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Religion, Art, and MoneyEpiscopalians and American Culture from the Civil War to the Great Depression$
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Peter W. Williams

Print publication date: 2016

Print ISBN-13: 9781469626970

Published to North Carolina Scholarship Online: January 2017

DOI: 10.5149/northcarolina/9781469626970.001.0001

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The Gothic Revival and the Arts and Crafts Movement

The Gothic Revival and the Arts and Crafts Movement

Chapter:
(p.51) Chapter Two The Gothic Revival and the Arts and Crafts Movement
Source:
Religion, Art, and Money
Author(s):

Peter W. Williams

Publisher:
University of North Carolina Press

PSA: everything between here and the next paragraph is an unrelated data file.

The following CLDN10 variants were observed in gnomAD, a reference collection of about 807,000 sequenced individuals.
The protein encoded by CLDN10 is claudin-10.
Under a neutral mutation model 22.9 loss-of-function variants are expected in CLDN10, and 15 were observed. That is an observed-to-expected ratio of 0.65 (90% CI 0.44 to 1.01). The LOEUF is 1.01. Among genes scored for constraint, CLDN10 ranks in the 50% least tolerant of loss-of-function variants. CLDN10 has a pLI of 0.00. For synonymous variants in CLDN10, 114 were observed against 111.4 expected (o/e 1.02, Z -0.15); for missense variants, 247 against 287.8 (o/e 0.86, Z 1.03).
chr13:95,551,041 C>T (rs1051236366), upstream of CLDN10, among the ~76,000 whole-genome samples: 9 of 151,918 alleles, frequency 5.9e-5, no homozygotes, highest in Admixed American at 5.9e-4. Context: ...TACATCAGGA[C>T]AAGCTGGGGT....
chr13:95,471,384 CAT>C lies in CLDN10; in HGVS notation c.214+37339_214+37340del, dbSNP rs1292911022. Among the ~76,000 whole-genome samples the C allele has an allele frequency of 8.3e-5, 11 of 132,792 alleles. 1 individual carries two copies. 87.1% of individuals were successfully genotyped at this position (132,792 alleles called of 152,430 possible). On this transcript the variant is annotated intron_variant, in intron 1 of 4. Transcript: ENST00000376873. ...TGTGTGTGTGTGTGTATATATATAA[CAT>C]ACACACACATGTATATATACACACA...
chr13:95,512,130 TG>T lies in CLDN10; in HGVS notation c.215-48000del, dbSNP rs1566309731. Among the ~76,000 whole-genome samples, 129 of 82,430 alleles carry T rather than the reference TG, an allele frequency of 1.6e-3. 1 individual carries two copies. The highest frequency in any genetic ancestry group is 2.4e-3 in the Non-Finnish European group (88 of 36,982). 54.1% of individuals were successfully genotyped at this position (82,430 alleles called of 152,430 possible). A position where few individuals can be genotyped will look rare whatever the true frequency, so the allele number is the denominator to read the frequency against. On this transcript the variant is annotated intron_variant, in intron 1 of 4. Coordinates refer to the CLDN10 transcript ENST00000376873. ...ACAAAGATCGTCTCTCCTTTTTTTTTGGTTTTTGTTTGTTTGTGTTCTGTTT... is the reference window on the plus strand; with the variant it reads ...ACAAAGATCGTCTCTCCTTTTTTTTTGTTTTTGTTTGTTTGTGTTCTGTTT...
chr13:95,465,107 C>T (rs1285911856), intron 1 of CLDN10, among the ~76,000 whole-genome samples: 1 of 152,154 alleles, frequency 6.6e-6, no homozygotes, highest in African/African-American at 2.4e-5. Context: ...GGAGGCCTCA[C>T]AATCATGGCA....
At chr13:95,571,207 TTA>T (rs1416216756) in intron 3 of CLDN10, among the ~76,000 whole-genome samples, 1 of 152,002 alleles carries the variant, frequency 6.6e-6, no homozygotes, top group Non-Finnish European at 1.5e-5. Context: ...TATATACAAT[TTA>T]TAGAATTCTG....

DOI:10.5149/northcarolina/9781469626970.003.0003

Although it was eventually adopted by Episcopalians across the spectrum of “churchmanship” as well as by a wide variety of other American denominations, the use of the Gothic was for Anglo-Catholics the only proper style for the sacramental worship they deemed central to true Christian practice. A distinctly English form of Gothic had become the norm for American Episcopalians by the later nineteenth century, with a few striking exceptions, such as Boston’s Trinity Church. The copious accumulation of detail in Gothic architecture has several points directly related to the relationship of the Anglo-Catholic version of Episcopal worship to the material realm. Both in England and America, the Arts and Crafts Movement was closely linked with the Gothic revival. In the decades between the Civil War and World War I, the U.S. experienced not only the dizzying growth of its cities, but also a corresponding drive to create cultural institutions that would place those cities on par with Europe; the great urban churches of this period were also cultural institutions.

Keywords:   Gothic Revival, Arts and Craft Movement, Trinity Church, Richard Upjohn, Church of the Advent, John Ruskin, Ralph Adams Cram, St. Bartholomew’s Church

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